Though it might not seem obvious this
week, it’s becoming an all-too-familiar refrain among western Kansas
farmers: “We need rain.”
Last year’s drought has continued into 2012. The wheat crop was planted
late and many farmers doubled the normal planting rate and drilled 90
to120 pounds per acre versus 50 to 60 pounds per acre in a normal year.
Because there was little to no subsoil moisture in the ground, the wheat
crop started slowly once it germinated. Very little growth occurred
until beneficial rains fell in November and December.
In January, nearly a foot of snow blanketed a large region of wheat
fields in southwestern Kansas. Since that time the crop has received
scant rainfall, and the crop is heading south in a hurry.
“We need rain,” Joe Jury, veteran Gray County farmer/stockman, said.
Annual rainfall averages about 20 inches in the sand hills he farms.
People often ask Jury how he can grow crops on that amount of moisture.
“I’d love to have an average rainfall of 18-20 inches in one year,” the
Gray County crop producer said. “I can grow a wheat or milo crop on that
amount of moisture.”
In 2011, the small farming community of Ingalls that Jury calls home, recorded fewer than 6 inches of rainfall.
“You can’t grow much of a crop with that little moisture,” he said.
“Last year we turned our cows on pasture in late April and started
feeding them the first of June. We’ve been feeding them ever since, and
I’m afraid we’ll do the same this year unless we receive rain and soon.”
As of mid-March, the wheat crop was beginning to suffer from a lack of
moisture. Eighty-degree days, winds of 50 and 60 mph and 15-percent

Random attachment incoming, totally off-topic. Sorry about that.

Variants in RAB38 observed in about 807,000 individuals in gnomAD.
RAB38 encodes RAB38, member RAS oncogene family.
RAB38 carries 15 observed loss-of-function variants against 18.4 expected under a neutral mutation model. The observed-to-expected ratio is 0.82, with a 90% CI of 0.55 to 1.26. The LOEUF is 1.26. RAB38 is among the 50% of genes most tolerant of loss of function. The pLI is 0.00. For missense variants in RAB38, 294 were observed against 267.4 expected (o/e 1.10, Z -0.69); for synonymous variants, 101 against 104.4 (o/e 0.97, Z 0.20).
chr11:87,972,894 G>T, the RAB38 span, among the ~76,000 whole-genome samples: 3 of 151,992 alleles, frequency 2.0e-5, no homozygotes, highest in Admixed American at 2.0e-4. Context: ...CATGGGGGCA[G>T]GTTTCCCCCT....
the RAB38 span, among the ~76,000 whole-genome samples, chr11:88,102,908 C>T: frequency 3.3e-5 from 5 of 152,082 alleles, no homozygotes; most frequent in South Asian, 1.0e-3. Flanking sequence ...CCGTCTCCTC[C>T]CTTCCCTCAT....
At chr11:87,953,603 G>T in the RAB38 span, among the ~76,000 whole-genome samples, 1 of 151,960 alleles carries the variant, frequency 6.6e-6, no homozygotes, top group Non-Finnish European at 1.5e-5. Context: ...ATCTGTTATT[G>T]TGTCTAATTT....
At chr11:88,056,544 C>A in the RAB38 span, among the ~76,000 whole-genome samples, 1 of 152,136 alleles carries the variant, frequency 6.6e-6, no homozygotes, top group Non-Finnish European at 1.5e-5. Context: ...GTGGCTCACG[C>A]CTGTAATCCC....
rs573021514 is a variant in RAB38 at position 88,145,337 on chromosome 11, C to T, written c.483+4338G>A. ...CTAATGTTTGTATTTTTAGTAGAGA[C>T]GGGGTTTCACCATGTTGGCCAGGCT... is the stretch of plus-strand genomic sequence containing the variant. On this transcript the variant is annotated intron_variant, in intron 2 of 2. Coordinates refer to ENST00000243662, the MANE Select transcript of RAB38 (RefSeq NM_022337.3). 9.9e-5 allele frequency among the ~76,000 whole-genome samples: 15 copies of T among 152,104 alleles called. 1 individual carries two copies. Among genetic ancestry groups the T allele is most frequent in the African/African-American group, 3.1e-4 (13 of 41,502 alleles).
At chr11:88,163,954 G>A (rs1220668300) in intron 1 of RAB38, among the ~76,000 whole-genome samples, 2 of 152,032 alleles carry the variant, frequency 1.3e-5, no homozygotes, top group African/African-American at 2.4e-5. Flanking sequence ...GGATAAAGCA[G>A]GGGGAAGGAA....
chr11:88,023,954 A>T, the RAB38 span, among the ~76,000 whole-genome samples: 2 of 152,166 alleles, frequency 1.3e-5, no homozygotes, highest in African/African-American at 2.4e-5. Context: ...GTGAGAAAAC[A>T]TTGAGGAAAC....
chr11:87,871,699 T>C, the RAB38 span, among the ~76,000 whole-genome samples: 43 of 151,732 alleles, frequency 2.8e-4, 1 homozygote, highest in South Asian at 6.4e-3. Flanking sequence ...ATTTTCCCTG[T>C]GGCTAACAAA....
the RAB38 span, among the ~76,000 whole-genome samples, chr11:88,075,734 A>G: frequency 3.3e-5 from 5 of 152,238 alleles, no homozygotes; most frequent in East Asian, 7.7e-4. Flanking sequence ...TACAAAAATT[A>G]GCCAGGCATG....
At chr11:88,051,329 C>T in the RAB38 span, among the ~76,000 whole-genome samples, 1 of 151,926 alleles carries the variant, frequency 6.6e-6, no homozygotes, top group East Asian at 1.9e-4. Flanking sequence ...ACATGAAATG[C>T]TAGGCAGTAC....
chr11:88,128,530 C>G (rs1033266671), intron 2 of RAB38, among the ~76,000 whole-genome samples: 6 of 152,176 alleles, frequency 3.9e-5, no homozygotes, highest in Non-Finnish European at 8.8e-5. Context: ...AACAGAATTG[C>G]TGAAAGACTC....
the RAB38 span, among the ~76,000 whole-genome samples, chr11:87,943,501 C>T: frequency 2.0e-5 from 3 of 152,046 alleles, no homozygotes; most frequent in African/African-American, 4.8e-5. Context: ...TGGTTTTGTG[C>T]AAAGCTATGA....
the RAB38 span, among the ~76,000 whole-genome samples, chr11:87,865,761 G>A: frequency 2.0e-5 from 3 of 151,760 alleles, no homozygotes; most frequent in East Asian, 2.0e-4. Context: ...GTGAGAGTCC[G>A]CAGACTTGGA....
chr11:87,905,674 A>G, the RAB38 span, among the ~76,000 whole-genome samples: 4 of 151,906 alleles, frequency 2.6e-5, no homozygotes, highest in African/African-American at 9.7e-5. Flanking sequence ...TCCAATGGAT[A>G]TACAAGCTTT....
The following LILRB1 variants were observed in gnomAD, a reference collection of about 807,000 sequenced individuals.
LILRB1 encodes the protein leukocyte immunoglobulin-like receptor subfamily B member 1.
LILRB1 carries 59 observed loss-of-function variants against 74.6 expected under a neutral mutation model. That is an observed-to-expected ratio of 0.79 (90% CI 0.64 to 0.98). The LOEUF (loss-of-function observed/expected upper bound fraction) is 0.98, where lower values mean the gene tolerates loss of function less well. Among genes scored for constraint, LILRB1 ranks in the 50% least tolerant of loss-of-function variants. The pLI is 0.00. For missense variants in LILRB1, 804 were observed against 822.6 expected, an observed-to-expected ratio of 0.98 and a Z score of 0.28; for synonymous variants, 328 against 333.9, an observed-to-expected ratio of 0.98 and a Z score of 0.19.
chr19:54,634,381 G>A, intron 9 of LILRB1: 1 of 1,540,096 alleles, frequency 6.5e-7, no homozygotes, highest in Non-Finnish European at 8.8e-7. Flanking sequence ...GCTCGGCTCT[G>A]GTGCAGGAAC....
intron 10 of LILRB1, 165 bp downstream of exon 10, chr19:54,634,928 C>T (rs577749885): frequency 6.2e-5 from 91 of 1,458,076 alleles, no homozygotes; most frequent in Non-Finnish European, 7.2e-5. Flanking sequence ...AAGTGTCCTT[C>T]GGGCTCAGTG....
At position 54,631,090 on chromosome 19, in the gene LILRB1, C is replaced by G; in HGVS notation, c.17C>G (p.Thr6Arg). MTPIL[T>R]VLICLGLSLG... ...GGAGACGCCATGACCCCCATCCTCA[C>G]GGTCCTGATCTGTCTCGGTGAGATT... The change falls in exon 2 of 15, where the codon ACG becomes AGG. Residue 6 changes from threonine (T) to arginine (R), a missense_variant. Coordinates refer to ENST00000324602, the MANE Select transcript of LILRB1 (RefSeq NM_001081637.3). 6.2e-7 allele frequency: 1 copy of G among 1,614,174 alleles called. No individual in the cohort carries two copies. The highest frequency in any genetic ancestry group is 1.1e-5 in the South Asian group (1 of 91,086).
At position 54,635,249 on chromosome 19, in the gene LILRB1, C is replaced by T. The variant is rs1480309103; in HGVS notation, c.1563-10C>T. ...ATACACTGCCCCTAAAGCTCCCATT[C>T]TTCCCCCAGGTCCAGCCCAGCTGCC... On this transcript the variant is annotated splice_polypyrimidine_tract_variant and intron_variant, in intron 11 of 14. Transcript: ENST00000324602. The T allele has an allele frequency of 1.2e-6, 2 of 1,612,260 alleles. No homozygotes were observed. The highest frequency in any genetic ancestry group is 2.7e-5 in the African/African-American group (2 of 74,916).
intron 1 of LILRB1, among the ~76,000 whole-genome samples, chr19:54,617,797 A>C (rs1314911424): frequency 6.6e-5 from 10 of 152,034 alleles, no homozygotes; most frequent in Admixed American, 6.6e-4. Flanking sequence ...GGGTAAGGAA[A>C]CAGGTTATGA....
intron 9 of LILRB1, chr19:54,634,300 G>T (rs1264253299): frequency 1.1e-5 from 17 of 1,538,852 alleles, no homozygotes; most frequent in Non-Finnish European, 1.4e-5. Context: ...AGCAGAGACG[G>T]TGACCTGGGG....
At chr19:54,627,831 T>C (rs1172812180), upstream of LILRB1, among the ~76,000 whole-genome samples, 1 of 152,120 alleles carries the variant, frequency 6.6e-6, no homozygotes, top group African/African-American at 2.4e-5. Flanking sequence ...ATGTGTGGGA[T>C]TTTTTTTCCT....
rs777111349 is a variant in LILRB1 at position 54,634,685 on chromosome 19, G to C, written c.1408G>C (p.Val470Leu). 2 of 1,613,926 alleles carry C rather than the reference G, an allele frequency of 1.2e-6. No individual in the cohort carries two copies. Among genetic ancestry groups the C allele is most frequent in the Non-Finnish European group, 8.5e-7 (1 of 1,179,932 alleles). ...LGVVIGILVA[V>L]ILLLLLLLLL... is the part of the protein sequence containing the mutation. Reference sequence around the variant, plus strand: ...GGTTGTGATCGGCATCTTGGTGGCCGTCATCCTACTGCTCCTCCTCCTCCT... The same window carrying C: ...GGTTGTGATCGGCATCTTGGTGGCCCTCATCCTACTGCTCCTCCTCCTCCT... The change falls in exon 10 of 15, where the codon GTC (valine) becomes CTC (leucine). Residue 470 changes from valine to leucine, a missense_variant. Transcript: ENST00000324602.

humidity are sucking dry what little moisture remains in the soil.
In his region of southwestern Kansas, some crop farmers already have
stripped some of their fields to stop the wind from blowing the soil out
of their fields. Feedlots west of Garden City have been cleaned out of
manure that has been spread on wheat fields in an attempt to keep them
“We’re starting to get beat up already,” Jury said. “Without additional
moisture, we can’t afford to lose the remaining soil moisture we have.
It could get ugly.”
That’s why Jury and some producers who have heard about the “Dirty
Thirties” and remember the drought of the early 1950s are looking at
alternative crops this spring instead of the traditional fall crops of
corn and soybeans. He’ll probably park his 30-inch planter and hook up
to his drills because row crops may not provide enough cover his land
will need to keep the soils in place.
Jury plans to plant pearl and German millets, sedan grass and forage
sorghums. With the drought of 2011, he didn’t grow any crops. He planted
milo but it hardly emerged from the soil before it died so what little
residue, and stalks that remain on his land are from wheat and milo
stubble back in 2010 — hardly enough to keep his valuable soil in place.
“This cover is degrading every day, and it’s pretty sparse,” Jury said.
“We’ve got to plant these alternative crops and get something to grow
and cover our soil up out here.”
The Gray County farmer has no-tilled for many years and believes that
without this practice there would already be dust piles in southwestern
Kansas with conventional tillage.
Like last year, farmers in southwestern Kansas are staring the
probability of another major drought straight in the face. Farmers like
Jury are thankful they have crop insurance and the livestock business
has buoyed up their faltering crop production. For strictly dry-land
farmers, it’s been a real bust.
“I’ll say it again, we need rain and we need continuous rains during the
next few months to make this crop business happen out here,” Jury said.
“My dad had a saying that it always rains at the end of a drought. I’m
hoping and praying this doesn’t turn into several years of little
John Schlageck is a Kansas agriculture commentator with Kansas Farm Bureau.